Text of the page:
|Complex Multilevel Modelling of the Individual, Household and Regional Level Variability in Predictors of Undernutrition among Children Aged 6–59 Months in Ethiopia
|Teshita Uke Chikako, Abdul-Aziz Seidu, John Elvis Hagan, and Bright Opoku Ahinkorah
|Nutrients, Vol. 13, No. 3018; DOI: https://doi.org/10.3390/nu13093018
Children under five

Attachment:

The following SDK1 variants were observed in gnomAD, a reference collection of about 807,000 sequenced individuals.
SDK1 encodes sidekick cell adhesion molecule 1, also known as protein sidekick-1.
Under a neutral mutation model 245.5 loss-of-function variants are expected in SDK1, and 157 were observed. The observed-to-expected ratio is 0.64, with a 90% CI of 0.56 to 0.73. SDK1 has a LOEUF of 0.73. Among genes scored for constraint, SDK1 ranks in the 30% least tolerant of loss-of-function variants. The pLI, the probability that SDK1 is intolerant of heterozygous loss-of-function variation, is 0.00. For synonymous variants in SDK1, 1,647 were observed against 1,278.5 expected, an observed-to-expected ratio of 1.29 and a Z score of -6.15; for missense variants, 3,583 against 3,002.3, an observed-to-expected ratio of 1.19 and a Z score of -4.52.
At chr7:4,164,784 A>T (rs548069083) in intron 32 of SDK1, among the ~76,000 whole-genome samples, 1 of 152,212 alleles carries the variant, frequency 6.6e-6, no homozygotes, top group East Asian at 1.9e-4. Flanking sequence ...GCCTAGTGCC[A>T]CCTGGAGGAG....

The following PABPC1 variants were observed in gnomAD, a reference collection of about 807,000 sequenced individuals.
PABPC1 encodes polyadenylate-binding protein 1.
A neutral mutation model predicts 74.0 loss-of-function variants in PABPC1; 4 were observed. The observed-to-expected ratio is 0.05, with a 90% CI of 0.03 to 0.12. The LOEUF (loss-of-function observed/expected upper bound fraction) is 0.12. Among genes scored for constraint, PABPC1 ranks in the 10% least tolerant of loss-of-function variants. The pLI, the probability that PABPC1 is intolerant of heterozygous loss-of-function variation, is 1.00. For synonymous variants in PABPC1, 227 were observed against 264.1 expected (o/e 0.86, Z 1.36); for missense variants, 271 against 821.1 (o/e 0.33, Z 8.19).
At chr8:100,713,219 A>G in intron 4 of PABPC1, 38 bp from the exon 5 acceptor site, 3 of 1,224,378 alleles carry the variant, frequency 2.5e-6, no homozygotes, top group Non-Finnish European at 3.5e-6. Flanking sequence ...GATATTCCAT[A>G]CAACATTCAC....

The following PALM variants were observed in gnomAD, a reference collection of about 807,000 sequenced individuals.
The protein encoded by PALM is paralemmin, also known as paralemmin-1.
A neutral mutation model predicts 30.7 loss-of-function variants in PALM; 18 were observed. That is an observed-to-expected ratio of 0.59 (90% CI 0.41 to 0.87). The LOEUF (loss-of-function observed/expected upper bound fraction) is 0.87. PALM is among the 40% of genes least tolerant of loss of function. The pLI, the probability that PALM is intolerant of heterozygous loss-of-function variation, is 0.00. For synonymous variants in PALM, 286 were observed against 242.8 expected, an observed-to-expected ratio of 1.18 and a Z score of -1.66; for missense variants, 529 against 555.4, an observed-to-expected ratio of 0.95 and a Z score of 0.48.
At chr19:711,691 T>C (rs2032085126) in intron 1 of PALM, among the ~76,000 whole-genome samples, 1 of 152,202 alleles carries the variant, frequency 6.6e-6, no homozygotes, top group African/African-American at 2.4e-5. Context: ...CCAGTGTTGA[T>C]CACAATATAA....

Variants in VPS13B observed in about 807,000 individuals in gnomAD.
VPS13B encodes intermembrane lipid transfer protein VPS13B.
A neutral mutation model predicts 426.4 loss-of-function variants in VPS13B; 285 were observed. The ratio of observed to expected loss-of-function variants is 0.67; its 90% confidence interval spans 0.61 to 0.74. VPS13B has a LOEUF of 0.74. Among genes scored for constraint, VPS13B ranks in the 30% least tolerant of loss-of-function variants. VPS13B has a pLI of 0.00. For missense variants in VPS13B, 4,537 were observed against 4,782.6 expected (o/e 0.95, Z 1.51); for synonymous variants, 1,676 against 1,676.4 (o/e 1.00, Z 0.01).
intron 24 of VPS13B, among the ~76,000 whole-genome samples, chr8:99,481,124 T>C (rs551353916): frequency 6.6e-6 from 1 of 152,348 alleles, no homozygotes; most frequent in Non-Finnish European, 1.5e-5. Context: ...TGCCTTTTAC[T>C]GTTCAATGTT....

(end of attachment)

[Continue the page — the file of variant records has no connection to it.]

|Worldwide, ten and a half million children under five die every year, with 98% of these deaths in low- and middle-income countries, including Ethiopia. Undernutrition is a serious public health problem in Ethiopia and children are the most affected segments of the population. This study, therefore, sought to investigate the socio-economic, demographic, health and environmental factors associated with undernutrition among children aged 6–59 months in Ethiopia. Data were obtained from the 2016 Ethiopian Demographic and Health Survey. In this study, anthropometric data (height and weight) and other variables of 9461 children were measured. Descriptive statistics and multilevel logistic regression models were fitted. The descriptive results revealed that about 27.5% of the children aged between 6–59 months were undernourished. Place of residence, employment status of the mother, educational status of the mother, the mother’s nutritional status, age of the child, birth order of children, source of drinking water, diarrhea and fever among children in the two weeks before the survey were the most important factors associated with undernutrition among children aged 6–59 months in Ethiopia. The findings indicate that it is useful to support health care and food security programs in rural areas to directly address food insecurity and undernutrition problems of the poor and exposed communities in rural parts of the country. The education sector must increase mothers’ access to education in all areas to help identify the quality of healthcare and the required attention needed for their children. The health sector should increase their health education programs on the importance of exclusive breastfeeding.